Archive for the ‘physics’ category: Page 216

Apr 15, 2017

Affordable deep space missions using asteroids

Posted by in categories: government, mathematics, physics, space

Phase 1 work demonstrated Optical Mining in the laboratory and performed mission and systems analysis of the application of Optical Mining to human exploration missions. Their mission analysis showed that the most accessible Near Earth Objects (NEOs) can be used to provide NASA with mission consumables for human exploration in deep space with the potential of saving up to $10 billion per year or $150 billion over the 15 year operational life cycle of a human exploration program. This savings alone would be enough to transform NASA’s vision of human exploration from being unaffordable to being affordable within budgets that Congress can approve. Phase 1 technical work included a full scale (8 kW) Optical Mining demonstration using a high fidelity CI-type asteroid simulant in vacuum using sunlight from a 10 meter diameter solar concentrator without mechanical contact or downforce. This work confirmed our physics based mathematical model of the excavation and volatile extraction process and scalability of results from 36 prior, small scale (≈ 1 cm diameter) demonstrations and tests.

Phase 2 work will complete mission and system analysis of the application of Optical Mining to an exciting program of human exploration and we will mature the technology of Optical Mining to the point at which NASA can baseline this approach for an affordable program of human exploration. Our mission studies will address the production via Optical Mining missions to extract and retrieve resources, consumable processing, storage, and application of consumables to human exploration mission in cislunar, NEO and Martian space. The mission studies will be tightly coupled with our laboratory work. Laboratory work will include the development and integration of a 30 kW Optical Mining test apparatus in our laboratory and integration with our high quality vacuum chamber for a test program involving Optical Mining.

Read more

Apr 14, 2017

We May Be Able to Build a Rocket That Can Go 99.999% the Speed of Light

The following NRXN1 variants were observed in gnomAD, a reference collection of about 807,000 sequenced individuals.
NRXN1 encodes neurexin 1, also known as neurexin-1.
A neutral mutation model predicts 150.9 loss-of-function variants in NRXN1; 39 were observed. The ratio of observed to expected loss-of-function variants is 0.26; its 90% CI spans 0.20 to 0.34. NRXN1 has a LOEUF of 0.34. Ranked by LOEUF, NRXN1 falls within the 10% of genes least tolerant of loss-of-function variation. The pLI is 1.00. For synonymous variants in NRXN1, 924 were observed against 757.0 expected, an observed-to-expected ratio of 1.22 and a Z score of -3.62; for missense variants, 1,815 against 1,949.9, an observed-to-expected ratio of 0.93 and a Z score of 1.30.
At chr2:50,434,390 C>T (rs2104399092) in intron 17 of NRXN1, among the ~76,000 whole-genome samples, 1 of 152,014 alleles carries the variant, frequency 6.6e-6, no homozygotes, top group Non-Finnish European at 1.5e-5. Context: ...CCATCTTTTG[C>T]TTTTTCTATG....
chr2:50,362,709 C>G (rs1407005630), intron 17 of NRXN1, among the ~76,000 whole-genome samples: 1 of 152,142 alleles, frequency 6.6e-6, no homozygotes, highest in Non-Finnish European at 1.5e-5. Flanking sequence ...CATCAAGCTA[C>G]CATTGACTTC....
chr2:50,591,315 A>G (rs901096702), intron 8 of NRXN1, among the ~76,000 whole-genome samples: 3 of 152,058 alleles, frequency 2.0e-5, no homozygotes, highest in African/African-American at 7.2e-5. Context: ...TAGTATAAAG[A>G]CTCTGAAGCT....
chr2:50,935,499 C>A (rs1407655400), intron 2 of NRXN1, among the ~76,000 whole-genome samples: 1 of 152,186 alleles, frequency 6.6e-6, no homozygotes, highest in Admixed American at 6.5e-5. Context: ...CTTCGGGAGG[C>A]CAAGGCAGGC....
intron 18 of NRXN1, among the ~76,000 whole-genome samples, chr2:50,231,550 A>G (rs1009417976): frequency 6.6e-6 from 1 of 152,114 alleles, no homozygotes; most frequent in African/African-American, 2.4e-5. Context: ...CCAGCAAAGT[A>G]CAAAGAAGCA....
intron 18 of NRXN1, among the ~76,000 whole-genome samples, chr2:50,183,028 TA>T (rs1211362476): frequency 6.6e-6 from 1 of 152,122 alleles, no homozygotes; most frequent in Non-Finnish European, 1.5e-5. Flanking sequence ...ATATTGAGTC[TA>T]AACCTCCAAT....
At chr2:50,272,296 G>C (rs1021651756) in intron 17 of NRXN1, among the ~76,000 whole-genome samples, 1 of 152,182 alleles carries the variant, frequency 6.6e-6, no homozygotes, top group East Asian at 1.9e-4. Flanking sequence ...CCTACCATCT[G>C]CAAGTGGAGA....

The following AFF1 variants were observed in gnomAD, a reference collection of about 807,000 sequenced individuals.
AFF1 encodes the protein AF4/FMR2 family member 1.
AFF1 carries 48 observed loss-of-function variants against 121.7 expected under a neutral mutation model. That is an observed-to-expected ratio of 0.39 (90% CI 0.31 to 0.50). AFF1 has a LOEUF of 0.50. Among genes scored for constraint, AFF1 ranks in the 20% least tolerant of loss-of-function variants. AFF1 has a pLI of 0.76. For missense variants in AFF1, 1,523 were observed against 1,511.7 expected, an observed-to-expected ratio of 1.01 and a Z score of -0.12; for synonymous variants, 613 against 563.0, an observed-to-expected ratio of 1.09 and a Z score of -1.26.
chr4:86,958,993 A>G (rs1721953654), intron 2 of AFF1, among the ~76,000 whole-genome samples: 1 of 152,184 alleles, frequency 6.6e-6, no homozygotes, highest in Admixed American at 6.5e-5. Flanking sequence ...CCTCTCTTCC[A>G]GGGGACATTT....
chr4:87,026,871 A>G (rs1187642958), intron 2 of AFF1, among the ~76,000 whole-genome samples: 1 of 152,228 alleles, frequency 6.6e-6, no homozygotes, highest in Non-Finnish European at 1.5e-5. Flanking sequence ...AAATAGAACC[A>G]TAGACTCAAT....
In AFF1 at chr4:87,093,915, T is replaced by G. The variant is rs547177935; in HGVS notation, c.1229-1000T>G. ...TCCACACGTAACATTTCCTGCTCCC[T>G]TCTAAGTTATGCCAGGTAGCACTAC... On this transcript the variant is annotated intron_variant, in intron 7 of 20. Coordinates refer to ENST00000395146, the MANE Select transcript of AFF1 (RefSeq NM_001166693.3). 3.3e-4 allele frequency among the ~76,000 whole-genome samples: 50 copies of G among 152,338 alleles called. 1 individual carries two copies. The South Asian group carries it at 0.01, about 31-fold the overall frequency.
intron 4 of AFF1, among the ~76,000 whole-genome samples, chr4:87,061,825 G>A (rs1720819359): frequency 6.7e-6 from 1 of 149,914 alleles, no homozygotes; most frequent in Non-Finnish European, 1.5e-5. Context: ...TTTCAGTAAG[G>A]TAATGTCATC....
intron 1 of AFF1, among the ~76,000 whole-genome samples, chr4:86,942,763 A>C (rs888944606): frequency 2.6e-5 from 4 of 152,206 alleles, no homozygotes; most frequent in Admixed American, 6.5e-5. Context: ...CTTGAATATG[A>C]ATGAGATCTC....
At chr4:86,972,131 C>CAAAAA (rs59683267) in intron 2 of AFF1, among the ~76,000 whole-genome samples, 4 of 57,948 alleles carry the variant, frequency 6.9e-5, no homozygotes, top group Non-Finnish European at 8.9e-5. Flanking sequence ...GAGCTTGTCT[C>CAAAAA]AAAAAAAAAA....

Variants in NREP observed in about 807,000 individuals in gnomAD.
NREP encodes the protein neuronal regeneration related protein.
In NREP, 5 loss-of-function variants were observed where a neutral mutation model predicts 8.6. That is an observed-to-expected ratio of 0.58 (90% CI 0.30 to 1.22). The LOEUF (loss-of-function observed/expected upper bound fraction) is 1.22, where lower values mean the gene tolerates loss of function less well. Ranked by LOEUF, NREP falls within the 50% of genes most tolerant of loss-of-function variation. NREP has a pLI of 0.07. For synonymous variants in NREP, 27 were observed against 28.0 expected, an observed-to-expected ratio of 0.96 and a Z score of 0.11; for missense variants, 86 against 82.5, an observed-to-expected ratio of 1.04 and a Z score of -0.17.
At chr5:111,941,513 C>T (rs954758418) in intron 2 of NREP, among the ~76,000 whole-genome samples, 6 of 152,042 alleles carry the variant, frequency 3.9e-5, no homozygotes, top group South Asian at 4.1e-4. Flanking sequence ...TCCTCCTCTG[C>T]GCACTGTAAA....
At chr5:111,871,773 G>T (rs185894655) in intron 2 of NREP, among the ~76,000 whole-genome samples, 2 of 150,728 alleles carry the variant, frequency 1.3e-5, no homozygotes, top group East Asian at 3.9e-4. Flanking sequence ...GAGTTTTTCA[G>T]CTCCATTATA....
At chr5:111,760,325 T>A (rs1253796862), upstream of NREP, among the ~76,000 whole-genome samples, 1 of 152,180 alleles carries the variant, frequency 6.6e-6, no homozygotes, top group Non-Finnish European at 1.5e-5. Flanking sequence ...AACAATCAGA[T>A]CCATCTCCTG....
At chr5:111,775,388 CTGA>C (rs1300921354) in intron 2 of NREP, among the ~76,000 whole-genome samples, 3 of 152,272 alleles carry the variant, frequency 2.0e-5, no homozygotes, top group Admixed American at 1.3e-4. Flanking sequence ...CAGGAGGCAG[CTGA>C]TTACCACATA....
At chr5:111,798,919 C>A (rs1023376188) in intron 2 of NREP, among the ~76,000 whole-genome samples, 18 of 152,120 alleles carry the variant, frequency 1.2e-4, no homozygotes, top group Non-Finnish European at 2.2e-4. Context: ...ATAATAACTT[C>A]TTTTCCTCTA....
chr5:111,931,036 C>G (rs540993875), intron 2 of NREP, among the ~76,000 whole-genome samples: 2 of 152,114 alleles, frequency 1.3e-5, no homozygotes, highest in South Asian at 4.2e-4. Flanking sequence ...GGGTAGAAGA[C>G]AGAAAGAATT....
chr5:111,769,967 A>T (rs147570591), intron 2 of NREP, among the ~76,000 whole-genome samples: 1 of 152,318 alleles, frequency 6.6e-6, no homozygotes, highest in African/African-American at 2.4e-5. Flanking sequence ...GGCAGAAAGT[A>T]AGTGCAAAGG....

Posted by in categories: mathematics, physics, space travel

Theoretical physics often lifts the sanctions we set on our own imaginations. Whether it’s exploring the possibility of warp drives or understanding the rate of the universe’s expansion, we are quick to explore the unknown on our chalkboards until our tech is ready for our ideas.

In a similar deep-dive into the theoretical, a Norwegian professor argues in the journal Acta Astronautica for the of possibility of photon rockets that can reach 99.999 percent of the speed of light (300,000 km/s [186,000 mph]); asserting that, while humanity can’t do it anytime soon, we could potentially build a spacecraft that falls just short of the ultimate speed limit sometime in the future when the necessary technology is feasible.

*2* A Finance Professor Predicts the Absolute Speed Limit for all Human Spacecrafts

Continue reading “We May Be Able to Build a Rocket That Can Go 99.999% the Speed of Light” »

Apr 13, 2017

Mach Effects for In Space Propulsion: Interstellar Mission

Posted by in categories: cosmology, physics, space travel

NASA is funding Mach effect propulsion in the latest round of advanced concept projects.

Nextbigfuture has covered Woodwards Mach effect propulsion in dozens of articles.

They propose to study the implementation of an innovative thrust producing technology for use in NASA missions involving in space main propulsion. Mach Effect Thruster (MET) propulsion is based on peer-reviewed, technically credible physics. Mach effects are transient variations in the rest masses of objects that simultaneously experience accelerations and internal energy changes. They are predicted by standard physics where Mach’s principle applies – as discussed in peer-reviewed papers spanning 20 years and a recent book, Making Starships and Stargates: the Science of Interstellar Transport and Absurdly Benign Wormholes published recently by Springer-Verlag. These effects have the revolutionary capability to produce thrust without the irreversible ejection of propellant, eliminating the need to carry propellant as required with most other propulsion systems.

Continue reading “Mach Effects for In Space Propulsion: Interstellar Mission” »

Apr 12, 2017

These ‘waves’ may let us see the Big Bang’s earliest moments

Posted by in categories: cosmology, physics

I wonder if people who were alive when Galileo first turned his telescope to the heavens in 1610, when he discovered the moons of Jupiter, realized that it was a seminal moment in human history. The discovery changed everything. It showed that not all celestial objects orbit the Earth and set the stage for adoption of the Copernican theory, which holds, of course, that the Earth orbits the sun and not the other way around. From that date onward, telescopes aimed at the sky became a staple of cosmology and a constant source of discovery and wonder for humanity.

It’s quite possible that people living in the distant future will view last year’s announcement of the discovery of gravitational waves as a similar turning point in humanity’s ability to observe and understand the cosmos.

Related: Earth-Sized Telescope May Let Us See Black Hole for First Time.

Continue reading “These ‘waves’ may let us see the Big Bang’s earliest moments” »

Apr 12, 2017